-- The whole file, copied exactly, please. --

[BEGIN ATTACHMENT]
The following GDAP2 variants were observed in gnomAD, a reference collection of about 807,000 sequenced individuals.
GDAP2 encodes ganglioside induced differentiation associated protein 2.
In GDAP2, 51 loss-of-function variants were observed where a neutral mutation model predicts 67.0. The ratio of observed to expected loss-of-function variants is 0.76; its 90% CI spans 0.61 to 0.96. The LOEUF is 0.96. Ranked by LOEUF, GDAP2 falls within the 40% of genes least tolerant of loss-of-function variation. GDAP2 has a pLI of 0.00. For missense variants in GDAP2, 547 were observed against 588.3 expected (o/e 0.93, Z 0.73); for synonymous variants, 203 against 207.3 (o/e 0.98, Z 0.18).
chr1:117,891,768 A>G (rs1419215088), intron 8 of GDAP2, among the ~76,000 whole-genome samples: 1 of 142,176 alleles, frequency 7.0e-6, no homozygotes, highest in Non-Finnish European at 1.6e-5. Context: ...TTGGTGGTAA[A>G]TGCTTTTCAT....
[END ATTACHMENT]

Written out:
The following GDAP2 variants were observed in gnomAD, a reference collection of about 807,000 sequenced individuals.
GDAP2 encodes ganglioside induced differentiation associated protein 2.
In GDAP2, 51 loss-of-function variants were observed where a neutral mutation model predicts 67.0. The ratio of observed to expected loss-of-function variants is 0.76; its 90% CI spans 0.61 to 0.96. The LOEUF is 0.96. Ranked by LOEUF, GDAP2 falls within the 40% of genes least tolerant of loss-of-function variation. GDAP2 has a pLI of 0.00. For missense variants in GDAP2, 547 were observed against 588.3 expected (o/e 0.93, Z 0.73); for synonymous variants, 203 against 207.3 (o/e 0.98, Z 0.18).
chr1:117,891,768 A>G (rs1419215088), intron 8 of GDAP2, among the ~76,000 whole-genome samples: 1 of 142,176 alleles, frequency 7.0e-6, no homozygotes, highest in Non-Finnish European at 1.6e-5. Context: ...TTGGTGGTAA[A>G]TGCTTTTCAT....